During the First World War, residents of Niagara-on-the-Lake, Ontario, were often outnumbered by soldiers in training. While most were young Canadian men being hardened for service in the trenches of France, there were also Polish-American volunteers who stepped forward to restore by force of arms the freedom of their homeland.
Poland had once been a great nation, but by the end of the eighteenth century the country had been carved up and swallowed whole by Russia, the Austro-Hungarian Empire, and Prussia — the latter eventually became part of a unified Germany.
In the century after their country disappeared, hundreds of thousands of Poles migrated overseas, so that by the outbreak of the First World War as many as four million lived within the United States and several hundred thousand more in Canada. Countless Polish-Americans were eager to fight on the side of the Allies, but the United States was not yet a participant in the conflict.
Canada was, however, and so in early 1917 leaders of the Polish-American community persuaded Canada to train a Polish army-in-exile, to be armed, equipped, and paid by France. This force, known as the Polish Blue Army, after the blue French uniforms they wore, was trained and assembled at Niagara-on-the-Lake in a facility that was called Camp Kosciuszko.
In total, almost twenty-two thousand men joined the Blue Army and helped to defeat the Central Powers in 1918. A newly independent Poland arose from the ashes of war. The battle-tested Blue Army was then shipped across Germany by train to defend its homeland against Russian invasion. Thousands of Polish-Americans gave their lives during the First World War and the Polish-Soviet War.
Even today, Poles have a fond connection to Niagara-on-the-Lake, where, many would argue, the seeds of a newly independent Poland were planted. Reminders of the Blue Army period in this historic community are easy to find.
The first stop for anyone interested in the Blue Army should be Butler’s Barracks, a property with deep connections to military matters. Following the War of 1812, during which the riverside Fort George proved vulnerable to bombardment, the British built barracks and storehouses out of range of American guns. After Confederation, the site became the summer training ground for Canadian soldiers and militia.
During the Great War, Butler’s Barracks became known as Camp Niagara, where thousands of Canadian soldiers were trained prior to 1917. When the Poles moved in, it was called Camp Kosciuszko.
Camp Niagara was revived in the Second World War and again during the Korean War. Today, Butler’s Barracks is a National Historic Site, and includes the barracks built in 1817, as well as a gun shed, officer’squarters, and quartermaster’s store building. The parade ground where Polish soldiers drilled can also be seen.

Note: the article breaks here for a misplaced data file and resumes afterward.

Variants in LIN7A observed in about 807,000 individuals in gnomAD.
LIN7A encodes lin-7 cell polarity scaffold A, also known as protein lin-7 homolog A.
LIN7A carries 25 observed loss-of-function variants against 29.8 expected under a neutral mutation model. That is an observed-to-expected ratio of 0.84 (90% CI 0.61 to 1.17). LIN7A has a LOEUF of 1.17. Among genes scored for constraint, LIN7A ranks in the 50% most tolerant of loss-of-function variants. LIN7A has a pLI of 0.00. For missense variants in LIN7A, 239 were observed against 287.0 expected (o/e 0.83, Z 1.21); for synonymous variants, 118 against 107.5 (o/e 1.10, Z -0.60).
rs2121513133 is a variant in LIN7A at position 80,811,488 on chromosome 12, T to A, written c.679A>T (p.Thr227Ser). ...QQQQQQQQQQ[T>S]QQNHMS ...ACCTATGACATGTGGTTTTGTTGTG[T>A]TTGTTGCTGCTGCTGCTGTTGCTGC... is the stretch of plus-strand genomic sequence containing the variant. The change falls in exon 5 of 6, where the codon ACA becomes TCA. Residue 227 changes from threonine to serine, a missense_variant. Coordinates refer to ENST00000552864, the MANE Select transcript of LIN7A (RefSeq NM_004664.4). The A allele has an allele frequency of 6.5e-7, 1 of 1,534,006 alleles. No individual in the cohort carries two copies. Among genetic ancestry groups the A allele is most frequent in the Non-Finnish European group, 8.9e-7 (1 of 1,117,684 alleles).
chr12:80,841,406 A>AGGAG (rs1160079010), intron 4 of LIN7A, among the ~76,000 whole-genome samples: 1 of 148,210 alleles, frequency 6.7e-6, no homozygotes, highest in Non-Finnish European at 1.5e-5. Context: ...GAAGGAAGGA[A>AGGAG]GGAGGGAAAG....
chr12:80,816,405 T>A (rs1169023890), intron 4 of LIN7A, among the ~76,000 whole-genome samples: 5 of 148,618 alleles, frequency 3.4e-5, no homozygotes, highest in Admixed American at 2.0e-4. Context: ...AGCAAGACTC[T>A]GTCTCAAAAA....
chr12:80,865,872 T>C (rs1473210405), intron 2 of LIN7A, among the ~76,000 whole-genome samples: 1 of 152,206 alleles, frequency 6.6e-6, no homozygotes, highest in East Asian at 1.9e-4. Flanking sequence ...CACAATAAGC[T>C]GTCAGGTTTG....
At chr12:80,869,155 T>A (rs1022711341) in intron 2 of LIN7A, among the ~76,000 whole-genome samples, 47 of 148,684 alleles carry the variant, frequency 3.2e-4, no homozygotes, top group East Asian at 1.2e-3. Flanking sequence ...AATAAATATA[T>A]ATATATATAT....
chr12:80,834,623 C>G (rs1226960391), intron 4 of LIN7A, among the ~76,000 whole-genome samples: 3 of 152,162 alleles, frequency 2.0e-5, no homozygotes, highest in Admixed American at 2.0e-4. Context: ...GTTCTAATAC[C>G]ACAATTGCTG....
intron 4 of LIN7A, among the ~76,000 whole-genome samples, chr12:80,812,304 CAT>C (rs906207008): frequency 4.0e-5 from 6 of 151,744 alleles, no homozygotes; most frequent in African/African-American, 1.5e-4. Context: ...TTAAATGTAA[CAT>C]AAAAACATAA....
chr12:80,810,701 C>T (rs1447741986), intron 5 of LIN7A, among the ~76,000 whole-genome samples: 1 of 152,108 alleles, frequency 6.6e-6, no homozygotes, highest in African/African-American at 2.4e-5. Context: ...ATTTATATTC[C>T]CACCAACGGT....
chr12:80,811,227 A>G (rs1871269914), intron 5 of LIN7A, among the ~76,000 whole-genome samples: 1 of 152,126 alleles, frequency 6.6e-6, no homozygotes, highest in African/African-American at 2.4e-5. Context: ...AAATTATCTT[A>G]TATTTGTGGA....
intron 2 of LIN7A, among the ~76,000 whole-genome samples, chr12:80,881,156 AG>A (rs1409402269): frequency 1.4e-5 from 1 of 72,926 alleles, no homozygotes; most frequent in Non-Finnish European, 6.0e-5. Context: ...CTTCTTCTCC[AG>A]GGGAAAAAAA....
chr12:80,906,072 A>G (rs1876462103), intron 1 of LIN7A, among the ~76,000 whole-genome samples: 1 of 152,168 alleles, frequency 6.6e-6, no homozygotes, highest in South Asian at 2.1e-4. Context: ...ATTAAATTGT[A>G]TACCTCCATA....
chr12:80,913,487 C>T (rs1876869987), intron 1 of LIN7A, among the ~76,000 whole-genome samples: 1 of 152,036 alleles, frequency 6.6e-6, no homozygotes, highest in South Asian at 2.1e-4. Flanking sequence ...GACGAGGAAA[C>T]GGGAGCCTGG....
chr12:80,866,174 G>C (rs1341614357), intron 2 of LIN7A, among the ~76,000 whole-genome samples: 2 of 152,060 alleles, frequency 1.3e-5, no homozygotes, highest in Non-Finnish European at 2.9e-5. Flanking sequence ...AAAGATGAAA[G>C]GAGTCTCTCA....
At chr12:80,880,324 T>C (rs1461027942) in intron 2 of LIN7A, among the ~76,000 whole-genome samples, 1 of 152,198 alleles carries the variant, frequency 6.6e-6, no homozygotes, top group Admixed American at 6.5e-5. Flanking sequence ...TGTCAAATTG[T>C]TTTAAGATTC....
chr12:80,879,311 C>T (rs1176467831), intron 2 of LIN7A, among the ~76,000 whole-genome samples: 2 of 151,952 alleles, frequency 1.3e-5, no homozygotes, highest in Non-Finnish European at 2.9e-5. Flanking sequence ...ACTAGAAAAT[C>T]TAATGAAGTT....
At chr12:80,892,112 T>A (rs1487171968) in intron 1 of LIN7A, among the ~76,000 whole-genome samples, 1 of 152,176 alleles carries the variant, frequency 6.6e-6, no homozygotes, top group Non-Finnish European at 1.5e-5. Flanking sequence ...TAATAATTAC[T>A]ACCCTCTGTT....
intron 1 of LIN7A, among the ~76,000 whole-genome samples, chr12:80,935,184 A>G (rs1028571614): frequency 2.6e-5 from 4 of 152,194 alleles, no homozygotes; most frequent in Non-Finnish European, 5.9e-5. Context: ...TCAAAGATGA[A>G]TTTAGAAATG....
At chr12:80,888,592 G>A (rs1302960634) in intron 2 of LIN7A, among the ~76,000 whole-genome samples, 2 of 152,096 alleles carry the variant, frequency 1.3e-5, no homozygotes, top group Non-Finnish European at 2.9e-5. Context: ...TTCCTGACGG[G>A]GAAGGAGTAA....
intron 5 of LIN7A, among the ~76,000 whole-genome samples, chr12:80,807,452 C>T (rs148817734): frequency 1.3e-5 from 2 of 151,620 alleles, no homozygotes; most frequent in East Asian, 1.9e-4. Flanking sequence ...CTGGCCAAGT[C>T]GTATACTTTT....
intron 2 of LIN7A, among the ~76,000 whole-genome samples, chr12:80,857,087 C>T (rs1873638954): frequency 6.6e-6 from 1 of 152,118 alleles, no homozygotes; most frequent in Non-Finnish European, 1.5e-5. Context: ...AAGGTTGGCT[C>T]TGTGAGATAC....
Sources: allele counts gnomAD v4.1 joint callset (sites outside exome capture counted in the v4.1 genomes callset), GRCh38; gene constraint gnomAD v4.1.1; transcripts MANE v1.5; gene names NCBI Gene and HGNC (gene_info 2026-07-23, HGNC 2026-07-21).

Nearby, Fort George National Historic Site, a key site during the War of 1812, offers an earlier view of the area’s military history. Re-enactments and other events take place at Fort George every summer.
Follow that with a visit to the Niagara Historical Museum, Ontario’s oldest museum building (opened in 1906) and itself designated by the Ontario Heritage Trust as a building of provincial significance. Its eight thousand artifacts tell the story of Niagara- on-the-Lake from native settlement to the present day.
Included in the museum’s collection are a number of artifacts connected with the Polish Blue Army, including First World War-era equipment and weaponry, Polish badges and insignia, and five sketches and paintings on loan from the Canadian War Museum that depict the life of Polish soldiers in training. Of particular interest is the Polonia Restituta medal, given by a grateful Polish government to Elizabeth Ascher, a local woman who selflessly exposed herself to illness by tending sick soldiers during a 1918 outbreak of Spanish influenza in the camp.
A somber reminder of the Polish soldiers who trained here is the Polish Military Cemetery, widely known as “Cmentarz Hallerczyków” (Haller’s Blue Army Cemetery), located within St. Vincent de Paul Cemetery. There you’ll find twenty-five headstones bearing the emblem of a white eagle, the symbol of a free Poland. The men lying in these graves — most of whom succumbed to influenza — have not been forgotten. Every year since the armistice, an annual pilgrimage of Polish-Canadians has been organized to honour those who died in the name of an independent Poland.
Visitors to Niagara-on-the-Lake can take advantage of the many historic lodgings in the town, such as the luxurious Pillar and Post Country Inn, a former fruit cannery where Polish soldiers were lodged, or the elegant Prince of Wales, a pre-Confederation hotel that is said to have a resident ghost.
Haunted or not, visitors will appreciate the history of this quaint Ontario town.
Andrew Hind is a writer and historian. His latest book, co-authored with Maria Da Silva, is Notorious Ontario: Outlaws, Gangsters and Criminals.
This article originally appeared in the June-July 2015 issue of Canada’s History magazine.